Seminar result
Illustration 5: Seminar result for the assessment of values

When managers think that to employees the behavioral value “obedience” is more important than to themselves, this is rather wishful thinking. Employees, however, think “obedience” is not important at all to themselves. Leadership-authority-obedience this is bound to conflicts.

You get to a core of leadership through the differentiations of the value “self-esteem”. Managers, but employees as well, have the prejudice that self-esteem is significantly less important to the other group. This prejudice needs to be highlighted if leadership is to improve. Leadership must be based on respectful behavior to keep up the self-esteem of an employee and the leader. There is no other choice how to behave. New research has confirmed this experience: “The most frequent reason for employees to quit their job is a lack of appreciation by their managers.9

If people’s appreciation and self-esteem is not taken into account, this will turn out as a decisive mistake: Sustaining their own self-esteem is one of the three most important values both for leaders and employees.

If this becomes clear in the training, leaders will reply as in several seminars (figure 6 shows a summary of the results) to the question: “How can leaders promote respect and self-esteem among employees?“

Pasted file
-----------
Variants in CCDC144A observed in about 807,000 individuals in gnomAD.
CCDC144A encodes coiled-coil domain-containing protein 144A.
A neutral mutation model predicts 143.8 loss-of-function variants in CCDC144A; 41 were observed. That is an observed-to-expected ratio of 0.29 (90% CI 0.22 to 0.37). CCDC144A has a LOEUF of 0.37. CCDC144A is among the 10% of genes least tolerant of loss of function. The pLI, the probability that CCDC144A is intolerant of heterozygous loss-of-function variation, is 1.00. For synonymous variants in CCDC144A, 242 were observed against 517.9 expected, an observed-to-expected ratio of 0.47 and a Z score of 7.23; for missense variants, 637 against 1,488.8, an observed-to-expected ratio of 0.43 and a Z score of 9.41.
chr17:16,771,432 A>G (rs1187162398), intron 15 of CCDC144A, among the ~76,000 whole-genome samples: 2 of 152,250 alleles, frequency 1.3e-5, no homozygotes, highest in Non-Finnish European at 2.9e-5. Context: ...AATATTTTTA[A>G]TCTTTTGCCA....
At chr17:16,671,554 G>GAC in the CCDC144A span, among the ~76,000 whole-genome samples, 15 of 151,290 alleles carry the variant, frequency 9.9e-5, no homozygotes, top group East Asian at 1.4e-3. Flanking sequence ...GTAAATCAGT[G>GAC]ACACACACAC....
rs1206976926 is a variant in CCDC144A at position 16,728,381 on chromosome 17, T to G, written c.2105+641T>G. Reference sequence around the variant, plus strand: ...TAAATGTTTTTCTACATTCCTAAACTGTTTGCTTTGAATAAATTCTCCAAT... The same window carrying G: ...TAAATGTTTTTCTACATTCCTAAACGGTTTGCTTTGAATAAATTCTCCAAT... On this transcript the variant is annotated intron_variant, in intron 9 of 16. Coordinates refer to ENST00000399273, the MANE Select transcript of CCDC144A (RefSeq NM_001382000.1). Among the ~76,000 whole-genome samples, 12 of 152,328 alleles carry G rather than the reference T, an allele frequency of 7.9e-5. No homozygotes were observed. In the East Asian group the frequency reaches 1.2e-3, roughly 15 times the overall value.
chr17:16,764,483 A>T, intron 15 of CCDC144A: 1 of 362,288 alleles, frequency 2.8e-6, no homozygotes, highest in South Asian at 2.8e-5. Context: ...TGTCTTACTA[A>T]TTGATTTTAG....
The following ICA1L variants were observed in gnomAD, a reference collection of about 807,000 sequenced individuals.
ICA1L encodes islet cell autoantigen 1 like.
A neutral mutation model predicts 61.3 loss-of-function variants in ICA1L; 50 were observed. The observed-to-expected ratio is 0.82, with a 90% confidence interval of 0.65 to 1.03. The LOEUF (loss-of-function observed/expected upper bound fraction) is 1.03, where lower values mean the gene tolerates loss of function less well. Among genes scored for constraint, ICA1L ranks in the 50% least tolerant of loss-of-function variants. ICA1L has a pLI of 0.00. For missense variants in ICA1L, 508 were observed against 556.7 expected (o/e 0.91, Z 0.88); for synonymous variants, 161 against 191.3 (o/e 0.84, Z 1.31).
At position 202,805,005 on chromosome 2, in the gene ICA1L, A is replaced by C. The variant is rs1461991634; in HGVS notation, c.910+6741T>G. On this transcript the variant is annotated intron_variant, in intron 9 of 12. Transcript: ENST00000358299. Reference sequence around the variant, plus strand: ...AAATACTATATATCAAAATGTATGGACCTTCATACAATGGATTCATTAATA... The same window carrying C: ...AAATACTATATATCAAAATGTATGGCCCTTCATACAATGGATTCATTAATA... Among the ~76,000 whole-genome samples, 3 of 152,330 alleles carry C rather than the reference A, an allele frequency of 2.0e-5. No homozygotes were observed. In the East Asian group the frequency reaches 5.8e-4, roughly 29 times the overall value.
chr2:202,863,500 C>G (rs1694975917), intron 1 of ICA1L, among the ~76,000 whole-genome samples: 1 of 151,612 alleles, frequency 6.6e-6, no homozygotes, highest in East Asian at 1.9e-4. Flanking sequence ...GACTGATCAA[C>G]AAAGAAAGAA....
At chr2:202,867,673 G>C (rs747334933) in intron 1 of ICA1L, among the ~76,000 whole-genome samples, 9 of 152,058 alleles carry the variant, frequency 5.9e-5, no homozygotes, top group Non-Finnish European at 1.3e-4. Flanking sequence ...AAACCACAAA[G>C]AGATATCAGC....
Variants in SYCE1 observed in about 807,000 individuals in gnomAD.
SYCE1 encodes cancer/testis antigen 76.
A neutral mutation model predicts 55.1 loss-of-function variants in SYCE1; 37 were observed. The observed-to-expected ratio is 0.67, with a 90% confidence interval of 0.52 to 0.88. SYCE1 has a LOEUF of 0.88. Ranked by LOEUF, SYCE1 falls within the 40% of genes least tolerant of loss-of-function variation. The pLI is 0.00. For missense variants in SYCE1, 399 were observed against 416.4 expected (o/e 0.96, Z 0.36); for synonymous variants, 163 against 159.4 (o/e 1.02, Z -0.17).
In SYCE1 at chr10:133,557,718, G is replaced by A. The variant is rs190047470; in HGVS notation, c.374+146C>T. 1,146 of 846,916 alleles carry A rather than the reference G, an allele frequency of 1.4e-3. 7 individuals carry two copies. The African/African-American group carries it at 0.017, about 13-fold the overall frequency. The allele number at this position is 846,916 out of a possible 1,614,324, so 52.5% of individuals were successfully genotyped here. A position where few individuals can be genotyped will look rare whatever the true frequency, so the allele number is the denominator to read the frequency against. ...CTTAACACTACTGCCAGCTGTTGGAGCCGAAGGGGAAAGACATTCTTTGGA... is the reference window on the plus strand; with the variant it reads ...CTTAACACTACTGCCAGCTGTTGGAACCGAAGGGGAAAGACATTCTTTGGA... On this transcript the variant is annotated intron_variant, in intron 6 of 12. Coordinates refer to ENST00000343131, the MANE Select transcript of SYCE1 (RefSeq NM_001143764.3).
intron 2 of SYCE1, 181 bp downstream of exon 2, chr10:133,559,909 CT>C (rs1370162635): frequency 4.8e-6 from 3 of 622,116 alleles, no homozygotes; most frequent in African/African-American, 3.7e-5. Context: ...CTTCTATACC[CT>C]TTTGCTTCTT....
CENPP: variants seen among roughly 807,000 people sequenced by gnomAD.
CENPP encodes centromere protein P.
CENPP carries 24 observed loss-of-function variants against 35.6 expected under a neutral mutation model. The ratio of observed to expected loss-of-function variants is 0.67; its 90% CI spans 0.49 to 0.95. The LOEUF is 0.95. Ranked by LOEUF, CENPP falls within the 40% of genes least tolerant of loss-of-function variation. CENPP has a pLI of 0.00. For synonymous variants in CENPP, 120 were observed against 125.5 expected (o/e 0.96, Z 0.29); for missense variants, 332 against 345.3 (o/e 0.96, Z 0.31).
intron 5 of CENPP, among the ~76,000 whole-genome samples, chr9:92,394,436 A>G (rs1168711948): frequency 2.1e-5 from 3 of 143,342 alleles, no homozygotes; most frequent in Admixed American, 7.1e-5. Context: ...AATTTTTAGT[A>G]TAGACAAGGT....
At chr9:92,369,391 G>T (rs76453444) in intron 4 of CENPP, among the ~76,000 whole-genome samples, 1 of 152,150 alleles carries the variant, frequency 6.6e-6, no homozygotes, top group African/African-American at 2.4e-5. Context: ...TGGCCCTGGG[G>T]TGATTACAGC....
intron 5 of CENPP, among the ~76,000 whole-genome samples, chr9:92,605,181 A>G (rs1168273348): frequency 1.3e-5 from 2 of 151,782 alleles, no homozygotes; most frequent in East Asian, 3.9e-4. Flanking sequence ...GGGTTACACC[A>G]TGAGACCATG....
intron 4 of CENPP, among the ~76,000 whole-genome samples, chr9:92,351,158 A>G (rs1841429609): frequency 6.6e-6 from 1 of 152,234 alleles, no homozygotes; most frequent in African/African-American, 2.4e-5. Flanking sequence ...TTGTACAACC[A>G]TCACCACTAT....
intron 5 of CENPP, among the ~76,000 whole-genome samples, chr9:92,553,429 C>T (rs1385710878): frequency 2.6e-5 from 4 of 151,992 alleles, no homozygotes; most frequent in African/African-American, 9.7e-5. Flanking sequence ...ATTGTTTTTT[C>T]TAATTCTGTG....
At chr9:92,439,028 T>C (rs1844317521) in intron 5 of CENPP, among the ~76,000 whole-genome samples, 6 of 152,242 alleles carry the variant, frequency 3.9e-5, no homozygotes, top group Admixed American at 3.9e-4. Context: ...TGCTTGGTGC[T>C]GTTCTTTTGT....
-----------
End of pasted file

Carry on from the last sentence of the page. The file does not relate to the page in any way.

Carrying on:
Respect and self-esteem

Illustration 6: What does promote respect/self-esteem?

Leaders’ replies concerning in particular the leadership of teams consisting of qualified employees lead directly to the fundamental demand in VUCA worlds “to make people affected people participating”. This helps to avoid the four fundamental mistakes in VUCA worlds:

  • 1. Underestimation of innovation and the effects of changes, selective gathering of information due to information overload and prejudice, lack of systematic thinking
  • 2. Lack of goals, instant thinking in tasks (approaches) instead of results
  • 3. Starting numerous actions without proper planning, heading into projects without any strategy, no change of indirect factors, which are relevant for the solution however
  • 4. People affected don’t become participants, which always leads to resistance to change, no liability

If those mistakes are to be avoided, value-orientation as a base of behavior should be taken into account. As early as in 2002 Peter F. Drucker pointed out that the knowledge society increases the demands for leaders who manage groups of highly diverse experts. “In a traditional crew, workers serve the system. If, however, the employees of a company are experts, the system is subordinate to them.”


1 Drucker, Peter (4/2002): Es sind nicht Arbeitnehmer – es sind Menschen (They Are Not Employees – They Are Human Beings). In: Harvard Business Manager, Vol. 24, p. 74-84.
2 Schröder, Wolfgang (2018): Führung in der VUCA-Welt (Leadership in the VUCA World). Erfahrungen und Gestaltungsvorschläge auf der Basis systemtheoretischer und kybernetischer Beschreibungs- und Erklärungsmodelle (Experiences and design propositions on the basis of systems-theoretical and cybernetic models for description and explanation). In: Volatilität, Unsicherheit, Komplexität, Ambiguität – Kybernetische Ansätze für die Unternehmensführung (Volatility, Uncertainty, Complexity, Ambiguity – Cybernetic Approaches to Business Management), p. 59-78, published by Falko Wilms and Andreas Größler, Duncker & Humblot Berlin.